I’m someone who has always steered clear of opinion pieces, since I’m not very fond of the backlash that tends to follow afterwards. But the recent brouhaha surrounding Crazy Rich Asians has compelled me to voice an opinion that I’ve kept to myself for the longest time:
That calls for representation are fast becoming an unfair witch-hunt.
Too often, content is taken out of context and held to a burden of impossible standards of representation.
Crazy Rich Asians is a prime example of this growing cultural phenomenon. While the film has been lauded as a win for the Asian American community, much ink has been spilled about its limitations.
Crazy Rich Asians has been criticised for propagating the oppression of Singapore’s racial minorities by relegating them to positions of servitude. Controversy has erupted over the misrepresentation of Singapore as a prosperous playground thereby ignoring the income inequalities that exist in the country. There’ve been complaints over the lack of Singlish in the film. Some are even questioning why we need validation from Hollywood to begin with.
In summary, the consensus from the woke liberal crowd is that if Crazy Rich Asians wants to market itself as a win for representation, then it needs to represent every truth and every reality.
It’s an unfair expectation for any film to live up to. But Crazy Rich Asians is not the only victim of such crazy relentless scrutiny.
The local LGBTQ+ community in Singapore too has seen a series of diversity related controversies in recent memory.
When the gay short film ‘Summerdaze‘ by The Authority went viral with over half a million views, criticism over the lack of minority representation was swift despite the fact that the film only had two cast members. When Esquire Singapore organised its first LGBTQ+ panel, the organisers continued to come under fire even after introducing a female panelist when faced with criticism over its initial all male line-up. Similarly, Dear Straight People sparked an outcry over the lack of Indian talents in our National Day video ‘Home’ back in 2017.
Instead of appreciating the intrinsic value of each of the above examples, the naysayers chose to focus on what they lacked instead.
They didn’t care that The Authority spent a five-figure sum on a passion project that would never make any monetary returns. Neither did they cut some slack for Esquire Singapore despite the fact that it was their first time organising a queer panel. They were also blissfully unaware that of the four Indian talents we originally cast in our National Day video (below), three backed out at the last minute.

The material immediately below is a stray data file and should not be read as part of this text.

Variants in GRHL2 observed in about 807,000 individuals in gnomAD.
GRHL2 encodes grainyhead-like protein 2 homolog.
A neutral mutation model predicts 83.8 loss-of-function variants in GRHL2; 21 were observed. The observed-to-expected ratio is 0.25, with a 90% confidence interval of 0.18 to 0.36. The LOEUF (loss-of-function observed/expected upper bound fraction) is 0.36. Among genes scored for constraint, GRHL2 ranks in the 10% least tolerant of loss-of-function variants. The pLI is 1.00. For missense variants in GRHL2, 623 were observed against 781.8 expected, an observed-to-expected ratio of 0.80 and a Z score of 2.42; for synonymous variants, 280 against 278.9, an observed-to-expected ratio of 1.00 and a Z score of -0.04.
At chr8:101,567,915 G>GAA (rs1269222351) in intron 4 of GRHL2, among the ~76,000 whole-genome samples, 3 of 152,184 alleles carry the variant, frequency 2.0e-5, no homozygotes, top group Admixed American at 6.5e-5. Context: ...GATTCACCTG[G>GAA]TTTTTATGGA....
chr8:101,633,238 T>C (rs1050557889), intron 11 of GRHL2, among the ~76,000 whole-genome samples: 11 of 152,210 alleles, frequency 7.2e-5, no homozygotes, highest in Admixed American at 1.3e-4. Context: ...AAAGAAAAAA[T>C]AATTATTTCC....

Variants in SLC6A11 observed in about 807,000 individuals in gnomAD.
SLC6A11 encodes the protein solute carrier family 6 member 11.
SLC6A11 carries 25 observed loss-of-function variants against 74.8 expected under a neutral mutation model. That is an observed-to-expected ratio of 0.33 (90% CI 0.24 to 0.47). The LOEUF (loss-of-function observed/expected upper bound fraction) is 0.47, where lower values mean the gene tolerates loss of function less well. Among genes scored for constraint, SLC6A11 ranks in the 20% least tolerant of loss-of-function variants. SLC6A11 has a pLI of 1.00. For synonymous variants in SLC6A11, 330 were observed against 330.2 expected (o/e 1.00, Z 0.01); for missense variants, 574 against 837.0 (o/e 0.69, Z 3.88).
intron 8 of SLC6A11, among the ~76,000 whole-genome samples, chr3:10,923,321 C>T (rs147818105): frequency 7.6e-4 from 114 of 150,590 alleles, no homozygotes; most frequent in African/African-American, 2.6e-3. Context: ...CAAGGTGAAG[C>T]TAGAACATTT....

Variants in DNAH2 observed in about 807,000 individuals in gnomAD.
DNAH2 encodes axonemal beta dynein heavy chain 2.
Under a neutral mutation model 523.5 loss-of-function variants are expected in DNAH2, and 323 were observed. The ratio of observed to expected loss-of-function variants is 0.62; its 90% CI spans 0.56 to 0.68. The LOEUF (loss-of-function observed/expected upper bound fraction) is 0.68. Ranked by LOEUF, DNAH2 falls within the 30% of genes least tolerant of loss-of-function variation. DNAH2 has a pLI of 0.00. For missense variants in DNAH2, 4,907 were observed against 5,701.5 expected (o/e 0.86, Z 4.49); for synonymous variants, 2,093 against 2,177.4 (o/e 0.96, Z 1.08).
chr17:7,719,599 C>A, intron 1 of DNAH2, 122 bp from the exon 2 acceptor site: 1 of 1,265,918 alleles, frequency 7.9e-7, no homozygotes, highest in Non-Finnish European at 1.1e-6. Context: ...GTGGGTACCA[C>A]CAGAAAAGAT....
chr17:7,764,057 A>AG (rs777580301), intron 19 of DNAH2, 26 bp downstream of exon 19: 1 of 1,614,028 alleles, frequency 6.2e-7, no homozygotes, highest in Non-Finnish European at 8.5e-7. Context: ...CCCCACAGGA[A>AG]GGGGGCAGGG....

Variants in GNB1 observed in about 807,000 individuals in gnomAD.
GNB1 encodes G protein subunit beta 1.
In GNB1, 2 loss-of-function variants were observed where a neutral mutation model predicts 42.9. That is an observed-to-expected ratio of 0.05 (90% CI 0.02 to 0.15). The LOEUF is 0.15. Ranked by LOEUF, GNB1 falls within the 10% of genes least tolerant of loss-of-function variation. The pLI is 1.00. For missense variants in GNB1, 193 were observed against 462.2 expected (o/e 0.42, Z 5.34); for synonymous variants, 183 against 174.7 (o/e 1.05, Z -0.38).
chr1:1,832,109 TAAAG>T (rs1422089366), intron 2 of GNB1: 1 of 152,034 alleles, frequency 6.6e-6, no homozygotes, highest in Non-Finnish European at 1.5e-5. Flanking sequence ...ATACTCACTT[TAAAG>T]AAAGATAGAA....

But herein lies my point.
In the fight for greater diversity and inclusivity, some have become so fixated on finding points of contention in everything they see. Content is often taken out of context and held to unreasonable expectations. Such scrutiny borders on nitpicking. And Crazy Rich Asians is the latest victim of this growing trend.
The film may not be a win for representation for everyone. But it does break down more barriers than most films.
After decades of white-washing, it’s the first mainstream Hollywood film with an all Asian cast in 25 years. The movie will open doors for English-speaking Asian actors. Generate bountiful returns for Singapore’s tourism industry. Shine the spotlight on one of the largest indigenous communities in Malaysia thanks to the casting of Henry Golding with his Iban heritage.
It’s real breakthrough however, lies in its nuanced Asian characters. Instead of the emasculated geek and the all-knowing kung-fu expert, Crazy Rich Asians provides us with strong well-rounded characters that goes against Asian stereotypes so prevalent in Western media.
Now don’t get me wrong. I completely understand where the criticism is coming from.
Even though I enjoy Chinese privilege here in Singapore, spending a few years of my childhood in Australia means I understand what it’s like growing up as a minority. So I can understand why certain groups are so upset with some of the more problematic aspects of the film.
But the kind of scrutiny certain people are putting Crazy Rich Asians through borders on nitpicking. And their intention doesn’t seem like it’s to better the world with constructive criticism. Rather, it’s beginning to look like a witch-hunt where they are constantly on the lookout for the next opportunity to vent their anger on. And in their pursuit of controversy, they have no qualms about taking things out of context to suit their agenda.
Crazy Rich Asians was never meant to be a documentary. It’s a fictional romantic comedy that just happens to be set in Singapore. Yes, the film was marketed as a win for representation. And in many ways, it has earned that mantle. Crazy Rich Asians is a game changer that will go down in history.
But Crazy Rich Asians isn’t perfect. And truth be told, it doesn’t need to be. The movie has achieved what it was originally meant to. There’s no doubt that it will lead to more opportunities for Asians to tell their stories in tinseltown. So that one day, every Asian can find a story on the big screen that they can finally call their own.
If that isn’t a good enough win for representation for you, then maybe your expectations are a bit too crazy.
Written by Sean Foo – www.instagram.com/mrseanfoo
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